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Re: Turtle quotation idea unicode

From: Henry Story <henry.story@bblfish.net>
Date: Fri, 24 Feb 2012 20:37:00 +0100
Cc: public-rdf-comments@w3.org
Message-Id: <306C4E99-FD8F-464F-8738-BECB2B7050FD@bblfish.net>
To: Gavin Carothers <gavin@carothers.name>

On 24 Feb 2012, at 20:23, Gavin Carothers wrote:

> On Fri, Feb 24, 2012 at 7:11 AM, Henry Story <henry.story@bblfish.net> wrote:
>> This is something I was thinking would be useful in Scala
>> for regexps for example, where having to decode the number of backslashes makes a nice notation
>> unreadable

I just discovered that Scala does in fact work the way I was thinking it should.
One cannot escape a " in a """ string for example. have this in fact. when one uses """ one can't use escape's the same way.

From the Book "Programming in Scala 2nd edition"

Because this syntax is awkward for strings that contain a lot of escape sequences or strings that span multiple lines, Scala includes a special syntax for raw strings. You start and end a raw string with three double quotation marks in a row ("""). The interior of a raw string may contain any characters whatsoever, including newlines, quotation marks, and special characters, ex- cept of course three quotes in a row. For example, the following program prints out a message using a raw string:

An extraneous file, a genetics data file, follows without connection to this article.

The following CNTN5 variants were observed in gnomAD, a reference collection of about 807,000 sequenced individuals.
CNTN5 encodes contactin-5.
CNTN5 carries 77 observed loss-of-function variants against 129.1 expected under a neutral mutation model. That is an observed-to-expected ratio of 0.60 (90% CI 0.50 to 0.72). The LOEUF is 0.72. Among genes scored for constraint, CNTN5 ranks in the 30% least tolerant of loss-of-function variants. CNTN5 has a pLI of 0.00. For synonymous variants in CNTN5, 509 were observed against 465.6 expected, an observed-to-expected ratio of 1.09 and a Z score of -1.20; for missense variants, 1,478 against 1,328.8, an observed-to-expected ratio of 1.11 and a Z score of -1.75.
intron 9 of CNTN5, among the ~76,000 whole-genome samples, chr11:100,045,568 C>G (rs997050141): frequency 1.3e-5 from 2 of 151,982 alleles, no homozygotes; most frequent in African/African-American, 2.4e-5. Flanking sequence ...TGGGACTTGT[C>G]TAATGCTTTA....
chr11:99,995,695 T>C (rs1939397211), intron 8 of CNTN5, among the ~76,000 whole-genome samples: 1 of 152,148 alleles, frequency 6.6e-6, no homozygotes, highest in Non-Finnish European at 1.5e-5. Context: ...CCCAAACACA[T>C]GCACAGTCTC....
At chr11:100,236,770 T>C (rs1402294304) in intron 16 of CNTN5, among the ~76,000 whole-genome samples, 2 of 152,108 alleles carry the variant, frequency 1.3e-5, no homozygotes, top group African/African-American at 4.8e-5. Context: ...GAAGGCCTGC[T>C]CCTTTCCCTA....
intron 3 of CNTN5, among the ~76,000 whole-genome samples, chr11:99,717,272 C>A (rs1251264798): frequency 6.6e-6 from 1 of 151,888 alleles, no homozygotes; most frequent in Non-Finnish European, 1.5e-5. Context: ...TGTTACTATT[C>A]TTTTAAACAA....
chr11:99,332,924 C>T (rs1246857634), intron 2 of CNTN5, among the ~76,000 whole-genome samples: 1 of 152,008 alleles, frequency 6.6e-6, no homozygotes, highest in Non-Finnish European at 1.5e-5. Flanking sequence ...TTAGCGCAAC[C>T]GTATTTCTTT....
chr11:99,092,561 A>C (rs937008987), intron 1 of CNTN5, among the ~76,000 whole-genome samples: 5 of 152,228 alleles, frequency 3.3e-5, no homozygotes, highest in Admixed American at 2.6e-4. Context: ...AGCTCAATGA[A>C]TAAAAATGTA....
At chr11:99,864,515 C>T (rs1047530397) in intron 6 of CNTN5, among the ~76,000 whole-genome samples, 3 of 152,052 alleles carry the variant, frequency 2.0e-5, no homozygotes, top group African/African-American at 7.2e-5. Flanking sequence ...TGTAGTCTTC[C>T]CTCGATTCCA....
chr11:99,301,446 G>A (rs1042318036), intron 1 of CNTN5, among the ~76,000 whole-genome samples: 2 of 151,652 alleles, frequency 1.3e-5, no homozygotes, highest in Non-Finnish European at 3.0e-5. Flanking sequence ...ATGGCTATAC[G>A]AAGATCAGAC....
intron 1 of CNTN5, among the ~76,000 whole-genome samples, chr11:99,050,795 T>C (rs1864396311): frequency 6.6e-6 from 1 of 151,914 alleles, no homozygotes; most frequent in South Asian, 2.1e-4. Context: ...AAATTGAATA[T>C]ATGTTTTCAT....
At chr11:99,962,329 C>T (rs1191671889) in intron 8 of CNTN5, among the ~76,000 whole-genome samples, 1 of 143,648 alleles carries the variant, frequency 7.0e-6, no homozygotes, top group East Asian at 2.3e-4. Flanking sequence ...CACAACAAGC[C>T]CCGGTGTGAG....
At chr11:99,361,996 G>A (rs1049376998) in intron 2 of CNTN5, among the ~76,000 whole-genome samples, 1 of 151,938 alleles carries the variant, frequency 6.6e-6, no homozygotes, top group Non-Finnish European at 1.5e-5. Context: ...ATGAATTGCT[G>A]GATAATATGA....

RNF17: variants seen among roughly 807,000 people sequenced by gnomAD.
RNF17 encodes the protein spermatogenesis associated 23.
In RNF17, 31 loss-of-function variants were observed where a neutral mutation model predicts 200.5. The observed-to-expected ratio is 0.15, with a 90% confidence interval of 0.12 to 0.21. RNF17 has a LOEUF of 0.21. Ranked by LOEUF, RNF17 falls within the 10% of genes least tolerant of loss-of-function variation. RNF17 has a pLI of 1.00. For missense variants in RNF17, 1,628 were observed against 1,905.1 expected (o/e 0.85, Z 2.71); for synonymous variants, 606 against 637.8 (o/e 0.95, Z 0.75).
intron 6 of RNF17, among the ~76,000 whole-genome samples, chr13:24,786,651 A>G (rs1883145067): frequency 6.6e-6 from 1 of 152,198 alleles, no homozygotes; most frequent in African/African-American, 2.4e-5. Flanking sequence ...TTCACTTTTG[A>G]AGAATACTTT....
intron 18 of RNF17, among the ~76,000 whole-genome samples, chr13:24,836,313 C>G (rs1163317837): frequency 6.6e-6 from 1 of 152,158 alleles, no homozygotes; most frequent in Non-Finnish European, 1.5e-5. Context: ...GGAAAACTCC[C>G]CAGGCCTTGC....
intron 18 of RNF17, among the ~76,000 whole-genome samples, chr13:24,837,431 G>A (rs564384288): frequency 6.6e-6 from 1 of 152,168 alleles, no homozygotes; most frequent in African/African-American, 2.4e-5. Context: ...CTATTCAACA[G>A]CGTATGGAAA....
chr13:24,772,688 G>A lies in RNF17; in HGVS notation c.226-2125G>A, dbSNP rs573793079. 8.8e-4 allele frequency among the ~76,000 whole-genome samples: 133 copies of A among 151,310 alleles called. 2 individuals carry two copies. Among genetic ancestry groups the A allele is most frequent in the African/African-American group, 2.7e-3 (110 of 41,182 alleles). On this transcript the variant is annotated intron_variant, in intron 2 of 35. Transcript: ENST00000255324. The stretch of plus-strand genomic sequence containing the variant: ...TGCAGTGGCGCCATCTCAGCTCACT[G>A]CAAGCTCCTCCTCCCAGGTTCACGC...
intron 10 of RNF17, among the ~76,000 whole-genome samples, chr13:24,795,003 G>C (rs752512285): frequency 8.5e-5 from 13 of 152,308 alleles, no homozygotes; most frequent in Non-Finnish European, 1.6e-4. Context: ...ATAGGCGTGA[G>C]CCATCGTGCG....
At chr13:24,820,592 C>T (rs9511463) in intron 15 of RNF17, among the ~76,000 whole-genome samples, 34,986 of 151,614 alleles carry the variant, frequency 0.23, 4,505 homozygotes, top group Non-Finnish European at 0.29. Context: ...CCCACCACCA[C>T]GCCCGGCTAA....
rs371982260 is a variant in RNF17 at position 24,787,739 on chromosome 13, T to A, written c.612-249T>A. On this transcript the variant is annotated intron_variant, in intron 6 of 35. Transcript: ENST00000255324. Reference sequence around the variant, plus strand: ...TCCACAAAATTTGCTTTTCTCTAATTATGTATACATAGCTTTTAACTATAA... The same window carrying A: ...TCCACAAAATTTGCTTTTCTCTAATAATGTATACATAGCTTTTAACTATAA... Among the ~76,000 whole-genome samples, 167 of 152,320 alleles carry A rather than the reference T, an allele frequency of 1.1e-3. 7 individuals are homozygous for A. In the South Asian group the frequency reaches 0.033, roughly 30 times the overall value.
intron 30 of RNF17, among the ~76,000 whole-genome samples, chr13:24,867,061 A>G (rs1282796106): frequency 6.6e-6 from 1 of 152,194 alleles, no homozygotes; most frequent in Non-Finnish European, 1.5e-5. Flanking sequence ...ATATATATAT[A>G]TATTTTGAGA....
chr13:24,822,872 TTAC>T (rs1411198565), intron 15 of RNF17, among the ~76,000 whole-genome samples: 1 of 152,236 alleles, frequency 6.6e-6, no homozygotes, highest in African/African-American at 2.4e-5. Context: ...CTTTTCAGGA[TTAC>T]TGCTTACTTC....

> I think what your asking for are something like r"" strings in Python.
> A string  which is designed for including lots of \s ie, used for
> regexps .
> Turtle is not a programming language. A new literal syntax simply to
> reduce the need to escape \s does not seem like a small change nor a
> widely needed one. I'd be happy to be convinced otherwise. If we do
> chose to add a new string literal syntax I would recommend NOT using
> an existing production (which would change the meaning of existing
> Turtle files) and using r"" or another prefix.

This is just a thought that occurred to me programming a Turtle parser. It feels
like there is a lot of infrastructure to work with tools that can't deal with unicode, but
little for people who do have unicode tools ready. My point is that what is simple has shifted.
10 years ago \u4343 was vital. Now it may create more complexity than needed.

One can see this shift with the way Java type languages are transforming into Scala type 


> --Gavin

Social Web Architect
Received on Friday, 24 February 2012 19:37:31 UTC

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